Thursday, September 15, 2016

Teaching vs Research at Third Level #108

Recently in my department at the College we were asked to provide details of all publications from the past year - I was (at first) slightly embarrassed to respond that I had no academic publications in the past 12 months, nor in the previous 12 months either. Research output is often a measure of academic performance - thankfully it is not in my case. I don't have any research students, and am not involved in any research projects in the College. In most Colleges and Universities it would be considered unacceptable for an academic not to publish his/her research on a regular basis, and it would be even more unacceptable not to do any research at all.

In the past year I have published a new book Exploring Northern Ireland's Causeway and Mourne Coastal Routes, and updated/re-published Exploring Ireland's Wild Atlantic Way. Of course neither of these are academic publications, nor are the 298 blog posts I've made in the past 12 months. I did present at one conference before the summer, but only abstracts were required for this. So no academic output from me - is this bad? Instead of research I concentrate on teaching - that, along with a mountain of administration work, is what most of my work is about.
Image source: Yale Teaching Centre.

Recent research by some Trinity academics reports that "Improving Teaching Has No Impact on Research and Knowledge Transfer". The report suggest that improving teaching efficiency has no effect on improving research, but that improving research efficiency within an institution will "improve its knowledge-transfer efficiency", ie teaching. However, one of the authors of the study, Professor Brian Lucey, is quoted as saying “The evidence is clear that a ‘one size fits all’ approach to higher education institutions’ missions is not appropriate. There is a strong case for specialised research and knowledge transfer-orientated institutions and for teaching-orientated institutions”. So there is room for concentration on teaching and hopefully no shame or embarrassment for those of us who are not researchers.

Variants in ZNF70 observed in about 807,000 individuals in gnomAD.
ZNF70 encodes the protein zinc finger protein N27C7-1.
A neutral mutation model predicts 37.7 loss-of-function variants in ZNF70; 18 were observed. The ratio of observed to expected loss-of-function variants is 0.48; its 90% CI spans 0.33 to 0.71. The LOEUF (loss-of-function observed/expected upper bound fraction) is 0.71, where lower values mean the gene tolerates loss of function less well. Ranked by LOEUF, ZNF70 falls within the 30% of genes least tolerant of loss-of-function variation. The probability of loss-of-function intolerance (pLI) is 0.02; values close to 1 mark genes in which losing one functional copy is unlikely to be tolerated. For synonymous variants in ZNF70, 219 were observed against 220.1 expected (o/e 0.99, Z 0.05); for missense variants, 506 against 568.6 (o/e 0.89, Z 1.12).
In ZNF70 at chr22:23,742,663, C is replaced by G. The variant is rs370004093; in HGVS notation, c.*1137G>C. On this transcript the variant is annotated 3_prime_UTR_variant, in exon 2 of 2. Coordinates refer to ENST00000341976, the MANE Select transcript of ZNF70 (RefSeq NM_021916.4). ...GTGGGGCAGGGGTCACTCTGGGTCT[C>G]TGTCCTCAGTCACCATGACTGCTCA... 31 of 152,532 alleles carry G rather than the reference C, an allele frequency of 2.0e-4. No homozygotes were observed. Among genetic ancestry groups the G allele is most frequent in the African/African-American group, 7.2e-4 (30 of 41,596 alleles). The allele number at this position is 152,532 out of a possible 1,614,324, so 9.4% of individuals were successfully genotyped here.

1 comment:

  1. Interesting Eugene, I have an observation and a question: the report does state that improving research efficiency will improve knowledge transfer, but knowledge transfer efficiency is not teaching! Is knowledge transfer - publications and patents etc. The report (well the University Times article, I must get the actual article) seems to talk about three concepts, and what seem like mutually exclusive concepts: research efficiency, knowledge transfer efficiency, and teaching. So is the inference you make 'i.e. teaching' correct?